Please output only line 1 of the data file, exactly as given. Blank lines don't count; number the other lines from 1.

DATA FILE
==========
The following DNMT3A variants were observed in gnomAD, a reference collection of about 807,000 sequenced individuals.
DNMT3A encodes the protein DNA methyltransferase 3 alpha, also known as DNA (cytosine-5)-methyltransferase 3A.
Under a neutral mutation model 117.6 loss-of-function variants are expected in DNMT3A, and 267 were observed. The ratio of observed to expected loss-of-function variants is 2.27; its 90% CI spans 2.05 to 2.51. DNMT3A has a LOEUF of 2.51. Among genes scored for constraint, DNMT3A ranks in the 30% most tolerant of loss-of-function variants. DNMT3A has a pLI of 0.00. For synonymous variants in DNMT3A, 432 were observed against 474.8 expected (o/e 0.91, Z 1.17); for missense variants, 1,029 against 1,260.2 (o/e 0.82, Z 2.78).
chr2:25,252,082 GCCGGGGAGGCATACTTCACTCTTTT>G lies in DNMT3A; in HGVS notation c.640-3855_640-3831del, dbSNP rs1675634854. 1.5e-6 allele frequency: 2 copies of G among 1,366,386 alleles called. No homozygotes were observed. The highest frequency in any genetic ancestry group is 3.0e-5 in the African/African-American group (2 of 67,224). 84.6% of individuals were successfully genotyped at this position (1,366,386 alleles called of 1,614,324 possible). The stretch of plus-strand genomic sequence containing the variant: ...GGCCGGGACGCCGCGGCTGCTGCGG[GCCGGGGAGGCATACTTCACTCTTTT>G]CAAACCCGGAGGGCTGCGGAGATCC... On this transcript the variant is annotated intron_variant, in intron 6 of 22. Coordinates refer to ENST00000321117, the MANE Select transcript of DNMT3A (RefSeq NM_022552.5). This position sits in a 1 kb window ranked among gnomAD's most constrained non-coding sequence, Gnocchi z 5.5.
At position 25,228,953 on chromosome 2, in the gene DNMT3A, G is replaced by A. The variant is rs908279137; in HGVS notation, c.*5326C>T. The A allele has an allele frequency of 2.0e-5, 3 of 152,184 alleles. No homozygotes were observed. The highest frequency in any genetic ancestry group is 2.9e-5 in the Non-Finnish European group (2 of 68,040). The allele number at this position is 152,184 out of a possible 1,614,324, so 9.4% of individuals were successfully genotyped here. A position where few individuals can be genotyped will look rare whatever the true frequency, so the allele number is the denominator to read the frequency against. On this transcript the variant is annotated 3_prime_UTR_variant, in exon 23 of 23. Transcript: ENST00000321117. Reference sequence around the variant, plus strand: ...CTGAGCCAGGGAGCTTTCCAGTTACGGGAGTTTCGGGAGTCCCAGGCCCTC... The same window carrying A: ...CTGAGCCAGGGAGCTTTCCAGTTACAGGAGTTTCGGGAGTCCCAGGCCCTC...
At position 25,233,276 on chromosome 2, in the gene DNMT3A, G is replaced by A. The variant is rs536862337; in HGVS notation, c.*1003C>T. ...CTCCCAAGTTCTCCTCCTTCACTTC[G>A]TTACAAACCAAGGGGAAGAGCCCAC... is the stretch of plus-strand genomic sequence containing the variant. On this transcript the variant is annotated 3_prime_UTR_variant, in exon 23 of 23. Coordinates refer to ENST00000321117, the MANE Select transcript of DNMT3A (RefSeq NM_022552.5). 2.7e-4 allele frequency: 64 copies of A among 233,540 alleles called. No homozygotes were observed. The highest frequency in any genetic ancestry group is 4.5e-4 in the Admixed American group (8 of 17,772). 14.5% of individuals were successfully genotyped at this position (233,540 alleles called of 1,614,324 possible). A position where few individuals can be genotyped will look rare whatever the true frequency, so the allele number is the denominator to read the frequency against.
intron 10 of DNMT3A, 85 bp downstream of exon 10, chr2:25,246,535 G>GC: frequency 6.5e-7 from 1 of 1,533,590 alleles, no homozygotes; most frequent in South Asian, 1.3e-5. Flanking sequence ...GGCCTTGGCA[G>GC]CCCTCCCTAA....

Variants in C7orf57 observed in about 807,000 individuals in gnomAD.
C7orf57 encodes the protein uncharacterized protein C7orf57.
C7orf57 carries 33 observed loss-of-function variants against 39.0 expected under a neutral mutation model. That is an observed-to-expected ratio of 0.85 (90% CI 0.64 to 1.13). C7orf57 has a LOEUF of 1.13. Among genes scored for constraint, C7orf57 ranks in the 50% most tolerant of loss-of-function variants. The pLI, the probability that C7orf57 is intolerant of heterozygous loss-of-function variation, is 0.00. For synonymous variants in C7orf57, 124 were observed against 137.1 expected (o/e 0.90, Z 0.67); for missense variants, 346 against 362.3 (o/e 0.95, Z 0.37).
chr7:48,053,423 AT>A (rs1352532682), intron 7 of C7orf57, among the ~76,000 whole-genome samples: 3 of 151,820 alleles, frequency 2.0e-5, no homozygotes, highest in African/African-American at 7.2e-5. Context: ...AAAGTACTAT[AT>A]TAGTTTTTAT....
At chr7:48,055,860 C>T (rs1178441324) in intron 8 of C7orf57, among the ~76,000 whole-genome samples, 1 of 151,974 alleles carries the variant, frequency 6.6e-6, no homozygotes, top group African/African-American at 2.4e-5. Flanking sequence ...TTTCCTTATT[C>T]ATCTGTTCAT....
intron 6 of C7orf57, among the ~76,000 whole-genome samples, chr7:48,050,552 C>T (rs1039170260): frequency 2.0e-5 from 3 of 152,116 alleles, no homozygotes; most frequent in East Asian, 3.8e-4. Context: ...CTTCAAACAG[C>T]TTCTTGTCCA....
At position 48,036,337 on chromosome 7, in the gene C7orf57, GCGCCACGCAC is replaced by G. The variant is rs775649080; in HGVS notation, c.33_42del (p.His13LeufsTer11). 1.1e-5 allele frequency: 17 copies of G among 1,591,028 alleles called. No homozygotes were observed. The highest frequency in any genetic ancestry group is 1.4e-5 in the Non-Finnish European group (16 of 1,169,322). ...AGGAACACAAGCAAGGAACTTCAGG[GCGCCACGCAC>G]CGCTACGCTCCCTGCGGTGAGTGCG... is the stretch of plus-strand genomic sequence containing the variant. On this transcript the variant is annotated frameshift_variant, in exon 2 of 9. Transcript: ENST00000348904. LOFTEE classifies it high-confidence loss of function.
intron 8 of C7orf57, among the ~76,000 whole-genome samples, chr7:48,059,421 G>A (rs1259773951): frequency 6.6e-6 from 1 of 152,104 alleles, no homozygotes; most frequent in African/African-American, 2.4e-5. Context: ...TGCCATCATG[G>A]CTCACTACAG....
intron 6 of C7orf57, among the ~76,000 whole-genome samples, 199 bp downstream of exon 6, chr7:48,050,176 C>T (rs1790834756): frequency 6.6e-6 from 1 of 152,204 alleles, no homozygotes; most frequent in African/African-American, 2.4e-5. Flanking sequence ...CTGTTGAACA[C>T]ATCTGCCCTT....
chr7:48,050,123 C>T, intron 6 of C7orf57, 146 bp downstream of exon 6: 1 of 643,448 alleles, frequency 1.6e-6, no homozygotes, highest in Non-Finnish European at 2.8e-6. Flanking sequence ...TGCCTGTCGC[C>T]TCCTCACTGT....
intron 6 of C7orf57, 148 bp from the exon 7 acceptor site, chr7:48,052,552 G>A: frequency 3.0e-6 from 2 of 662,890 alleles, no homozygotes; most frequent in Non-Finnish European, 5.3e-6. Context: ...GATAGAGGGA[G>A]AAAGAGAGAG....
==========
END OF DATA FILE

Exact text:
The following DNMT3A variants were observed in gnomAD, a reference collection of about 807,000 sequenced individuals.